By the numbers, geneticists thought about mutations like this: There are six billion pieces (nucleotides) of genetic information in the genome. Three billion provided by the mother and three billion from the father. Based on evolutionary studies, previous estimates reckoned about 100-200 mutations would be passed on to each child. It was assumed that because the male genome is copied millions of times during the creation of sperm, compared to the tiny number of eggs produced by the female, most of the mutations would be coming from the father. Apparently not.
Research by Philip Awadalla, University of Montreal (Canada) and Matt Hurles, Wellcome Trust Sanger Institute (Cambridge, UK) and published in Nature Science [12 June 2011, paywalled, Variation in genome-wide mutation rates within and between human families], indicates that the actual number of mutations we receive from our parents is about 60 – roughly a third of the original estimate. That means, among other things, that the rate of evolution based on genetically inheritable mutations is much slower than thought.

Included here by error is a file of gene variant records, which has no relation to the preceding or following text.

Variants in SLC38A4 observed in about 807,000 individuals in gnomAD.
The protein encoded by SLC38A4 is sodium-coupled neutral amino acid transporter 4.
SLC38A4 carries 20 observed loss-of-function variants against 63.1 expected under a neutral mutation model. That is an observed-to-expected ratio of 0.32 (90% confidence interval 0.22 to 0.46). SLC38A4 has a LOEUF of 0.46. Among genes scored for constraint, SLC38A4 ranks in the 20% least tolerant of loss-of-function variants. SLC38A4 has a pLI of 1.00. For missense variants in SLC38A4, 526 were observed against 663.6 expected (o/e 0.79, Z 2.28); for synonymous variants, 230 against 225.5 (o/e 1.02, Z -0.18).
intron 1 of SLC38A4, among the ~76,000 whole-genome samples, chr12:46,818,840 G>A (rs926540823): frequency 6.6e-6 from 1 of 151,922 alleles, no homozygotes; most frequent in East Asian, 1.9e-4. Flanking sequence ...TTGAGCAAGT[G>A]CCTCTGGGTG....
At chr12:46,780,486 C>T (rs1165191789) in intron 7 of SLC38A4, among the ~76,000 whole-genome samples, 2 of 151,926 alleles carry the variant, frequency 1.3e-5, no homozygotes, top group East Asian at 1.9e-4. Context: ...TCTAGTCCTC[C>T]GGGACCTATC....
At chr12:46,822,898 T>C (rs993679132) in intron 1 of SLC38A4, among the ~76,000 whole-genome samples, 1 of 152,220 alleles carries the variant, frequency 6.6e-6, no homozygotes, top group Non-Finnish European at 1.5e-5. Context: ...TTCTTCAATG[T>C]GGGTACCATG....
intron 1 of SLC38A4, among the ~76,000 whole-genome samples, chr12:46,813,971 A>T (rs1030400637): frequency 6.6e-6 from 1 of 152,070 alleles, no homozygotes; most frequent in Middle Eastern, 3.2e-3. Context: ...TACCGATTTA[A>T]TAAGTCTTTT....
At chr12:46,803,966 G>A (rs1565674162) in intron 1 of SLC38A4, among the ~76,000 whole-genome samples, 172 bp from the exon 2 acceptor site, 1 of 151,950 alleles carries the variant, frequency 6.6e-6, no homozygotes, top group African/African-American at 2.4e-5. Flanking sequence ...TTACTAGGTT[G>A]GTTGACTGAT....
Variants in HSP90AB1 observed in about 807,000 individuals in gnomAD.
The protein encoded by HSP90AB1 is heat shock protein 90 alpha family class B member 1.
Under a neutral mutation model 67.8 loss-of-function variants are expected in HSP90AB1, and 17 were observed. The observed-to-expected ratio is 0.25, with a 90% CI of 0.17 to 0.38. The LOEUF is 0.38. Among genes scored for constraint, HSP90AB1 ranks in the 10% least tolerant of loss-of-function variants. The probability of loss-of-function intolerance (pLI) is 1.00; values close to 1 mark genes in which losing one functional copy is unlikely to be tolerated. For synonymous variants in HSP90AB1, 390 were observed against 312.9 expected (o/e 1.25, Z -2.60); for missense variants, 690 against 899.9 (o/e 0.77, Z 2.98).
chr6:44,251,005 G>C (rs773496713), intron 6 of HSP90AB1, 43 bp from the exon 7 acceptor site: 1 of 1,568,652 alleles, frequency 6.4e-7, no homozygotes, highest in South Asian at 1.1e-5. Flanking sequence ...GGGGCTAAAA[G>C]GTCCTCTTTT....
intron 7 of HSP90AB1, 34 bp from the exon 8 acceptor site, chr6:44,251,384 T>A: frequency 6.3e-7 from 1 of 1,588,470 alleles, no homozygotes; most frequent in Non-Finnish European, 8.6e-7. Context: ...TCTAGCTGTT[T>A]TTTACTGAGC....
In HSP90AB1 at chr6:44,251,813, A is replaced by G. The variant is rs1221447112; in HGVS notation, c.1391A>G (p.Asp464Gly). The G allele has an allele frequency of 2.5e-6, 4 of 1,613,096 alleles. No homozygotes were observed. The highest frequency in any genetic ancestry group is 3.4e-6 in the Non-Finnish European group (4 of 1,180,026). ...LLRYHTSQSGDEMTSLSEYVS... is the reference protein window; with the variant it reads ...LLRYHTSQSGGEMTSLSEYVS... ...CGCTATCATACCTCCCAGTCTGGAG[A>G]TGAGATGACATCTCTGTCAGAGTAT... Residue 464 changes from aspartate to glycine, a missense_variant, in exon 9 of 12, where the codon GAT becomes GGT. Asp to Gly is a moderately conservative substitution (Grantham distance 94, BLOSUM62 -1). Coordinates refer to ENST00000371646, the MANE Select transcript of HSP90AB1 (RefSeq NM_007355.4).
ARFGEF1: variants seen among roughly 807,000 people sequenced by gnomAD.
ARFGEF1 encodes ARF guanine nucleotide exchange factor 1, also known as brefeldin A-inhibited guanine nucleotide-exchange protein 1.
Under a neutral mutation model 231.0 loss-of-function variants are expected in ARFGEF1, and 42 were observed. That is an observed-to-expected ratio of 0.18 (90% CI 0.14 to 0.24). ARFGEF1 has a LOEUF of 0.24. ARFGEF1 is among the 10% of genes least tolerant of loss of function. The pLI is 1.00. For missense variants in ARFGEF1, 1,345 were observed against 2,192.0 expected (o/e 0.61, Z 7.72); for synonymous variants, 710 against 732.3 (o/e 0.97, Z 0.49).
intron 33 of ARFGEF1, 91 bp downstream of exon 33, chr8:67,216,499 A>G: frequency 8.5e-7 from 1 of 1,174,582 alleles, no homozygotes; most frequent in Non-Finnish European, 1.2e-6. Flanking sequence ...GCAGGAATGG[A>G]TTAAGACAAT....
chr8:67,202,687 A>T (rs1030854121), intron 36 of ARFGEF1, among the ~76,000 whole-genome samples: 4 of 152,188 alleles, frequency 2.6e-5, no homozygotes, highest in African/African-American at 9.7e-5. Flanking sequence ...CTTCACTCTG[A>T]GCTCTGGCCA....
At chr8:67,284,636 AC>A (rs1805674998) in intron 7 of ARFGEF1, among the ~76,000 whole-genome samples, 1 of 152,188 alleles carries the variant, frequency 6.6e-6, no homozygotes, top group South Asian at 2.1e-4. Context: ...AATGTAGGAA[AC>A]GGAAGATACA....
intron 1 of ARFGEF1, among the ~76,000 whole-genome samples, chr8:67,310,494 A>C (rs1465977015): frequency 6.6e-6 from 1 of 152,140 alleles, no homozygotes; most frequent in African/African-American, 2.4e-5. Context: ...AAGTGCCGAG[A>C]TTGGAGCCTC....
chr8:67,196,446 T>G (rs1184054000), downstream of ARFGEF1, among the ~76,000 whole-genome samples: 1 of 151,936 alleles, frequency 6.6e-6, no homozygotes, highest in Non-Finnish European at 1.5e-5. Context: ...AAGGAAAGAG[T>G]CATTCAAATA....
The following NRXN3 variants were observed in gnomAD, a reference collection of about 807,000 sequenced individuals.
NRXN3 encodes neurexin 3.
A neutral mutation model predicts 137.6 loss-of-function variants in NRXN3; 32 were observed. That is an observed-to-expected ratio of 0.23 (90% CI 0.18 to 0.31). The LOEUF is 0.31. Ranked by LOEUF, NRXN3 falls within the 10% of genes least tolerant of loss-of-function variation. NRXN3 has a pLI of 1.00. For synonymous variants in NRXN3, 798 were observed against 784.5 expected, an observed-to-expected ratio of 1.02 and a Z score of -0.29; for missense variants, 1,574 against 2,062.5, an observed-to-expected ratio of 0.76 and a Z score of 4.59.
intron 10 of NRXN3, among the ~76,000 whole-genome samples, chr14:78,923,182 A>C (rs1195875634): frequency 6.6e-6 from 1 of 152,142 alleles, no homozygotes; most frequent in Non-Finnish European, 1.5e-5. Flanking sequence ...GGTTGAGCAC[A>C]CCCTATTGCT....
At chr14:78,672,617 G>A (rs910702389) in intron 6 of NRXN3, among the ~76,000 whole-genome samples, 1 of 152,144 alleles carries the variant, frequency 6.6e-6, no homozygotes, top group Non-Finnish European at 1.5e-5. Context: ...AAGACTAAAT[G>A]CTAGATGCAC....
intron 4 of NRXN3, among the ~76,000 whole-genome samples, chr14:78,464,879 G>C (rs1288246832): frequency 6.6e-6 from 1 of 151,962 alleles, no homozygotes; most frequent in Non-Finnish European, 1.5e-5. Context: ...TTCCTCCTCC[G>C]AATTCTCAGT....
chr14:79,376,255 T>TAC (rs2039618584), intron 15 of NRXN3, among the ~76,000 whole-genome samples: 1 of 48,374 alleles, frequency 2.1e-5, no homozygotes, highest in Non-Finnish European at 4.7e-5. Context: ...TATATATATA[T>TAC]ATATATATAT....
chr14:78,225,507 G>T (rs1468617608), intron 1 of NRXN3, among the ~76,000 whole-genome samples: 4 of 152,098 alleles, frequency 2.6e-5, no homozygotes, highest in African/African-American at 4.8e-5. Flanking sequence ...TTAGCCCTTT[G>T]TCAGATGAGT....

The research also indicates that the number of mutations provided by the mother and father varies. In one case the father provided 92 percent of the mutations, in another case the mother provided 64 percent. Note, however, that these two cases were the only cases in the study. This significant limitation was imposed by the difficulty and cost of sequencing and sorting the genetic information. While these findings are extremely interesting and point to factors based on family or environment, this study must be considered preliminary to hopefully much larger studies in the future.